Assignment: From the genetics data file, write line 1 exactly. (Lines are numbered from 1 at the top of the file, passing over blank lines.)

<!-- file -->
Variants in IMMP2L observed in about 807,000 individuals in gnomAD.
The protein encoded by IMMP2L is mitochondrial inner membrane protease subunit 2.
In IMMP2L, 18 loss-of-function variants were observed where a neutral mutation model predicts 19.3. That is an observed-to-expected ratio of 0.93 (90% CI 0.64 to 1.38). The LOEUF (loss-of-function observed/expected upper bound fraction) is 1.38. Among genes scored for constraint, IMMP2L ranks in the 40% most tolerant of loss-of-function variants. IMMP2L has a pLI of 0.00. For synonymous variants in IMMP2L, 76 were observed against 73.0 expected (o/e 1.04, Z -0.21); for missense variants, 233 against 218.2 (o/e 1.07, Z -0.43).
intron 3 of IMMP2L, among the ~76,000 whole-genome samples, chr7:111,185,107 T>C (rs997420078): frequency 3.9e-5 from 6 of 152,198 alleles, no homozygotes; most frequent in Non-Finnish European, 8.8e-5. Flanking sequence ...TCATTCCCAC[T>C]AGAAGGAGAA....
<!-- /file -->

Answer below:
Variants in IMMP2L observed in about 807,000 individuals in gnomAD.